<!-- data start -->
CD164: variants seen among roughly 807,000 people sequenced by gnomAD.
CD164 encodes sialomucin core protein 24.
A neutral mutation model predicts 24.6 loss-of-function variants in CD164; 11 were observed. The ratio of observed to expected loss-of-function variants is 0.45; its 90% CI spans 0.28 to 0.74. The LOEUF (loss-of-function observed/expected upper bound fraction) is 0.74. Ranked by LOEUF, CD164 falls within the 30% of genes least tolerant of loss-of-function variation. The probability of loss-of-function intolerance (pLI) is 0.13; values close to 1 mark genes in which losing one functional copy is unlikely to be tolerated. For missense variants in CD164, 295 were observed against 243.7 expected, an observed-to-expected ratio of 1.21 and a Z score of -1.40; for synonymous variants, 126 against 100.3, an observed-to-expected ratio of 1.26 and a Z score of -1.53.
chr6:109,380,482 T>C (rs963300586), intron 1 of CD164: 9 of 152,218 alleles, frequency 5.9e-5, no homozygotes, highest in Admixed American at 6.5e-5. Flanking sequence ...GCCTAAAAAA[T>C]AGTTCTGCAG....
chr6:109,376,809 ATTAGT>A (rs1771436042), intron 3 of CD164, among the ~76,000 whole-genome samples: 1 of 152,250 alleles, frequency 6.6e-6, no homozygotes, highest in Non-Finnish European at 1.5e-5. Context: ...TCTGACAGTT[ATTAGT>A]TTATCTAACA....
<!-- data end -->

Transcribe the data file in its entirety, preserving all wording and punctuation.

CD164: variants seen among roughly 807,000 people sequenced by gnomAD.
CD164 encodes sialomucin core protein 24.
A neutral mutation model predicts 24.6 loss-of-function variants in CD164; 11 were observed. The ratio of observed to expected loss-of-function variants is 0.45; its 90% CI spans 0.28 to 0.74. The LOEUF (loss-of-function observed/expected upper bound fraction) is 0.74. Ranked by LOEUF, CD164 falls within the 30% of genes least tolerant of loss-of-function variation. The probability of loss-of-function intolerance (pLI) is 0.13; values close to 1 mark genes in which losing one functional copy is unlikely to be tolerated. For missense variants in CD164, 295 were observed against 243.7 expected, an observed-to-expected ratio of 1.21 and a Z score of -1.40; for synonymous variants, 126 against 100.3, an observed-to-expected ratio of 1.26 and a Z score of -1.53.
chr6:109,380,482 T>C (rs963300586), intron 1 of CD164: 9 of 152,218 alleles, frequency 5.9e-5, no homozygotes, highest in Admixed American at 6.5e-5. Flanking sequence ...GCCTAAAAAA[T>C]AGTTCTGCAG....
chr6:109,376,809 ATTAGT>A (rs1771436042), intron 3 of CD164, among the ~76,000 whole-genome samples: 1 of 152,250 alleles, frequency 6.6e-6, no homozygotes, highest in Non-Finnish European at 1.5e-5. Context: ...TCTGACAGTT[ATTAGT>A]TTATCTAACA....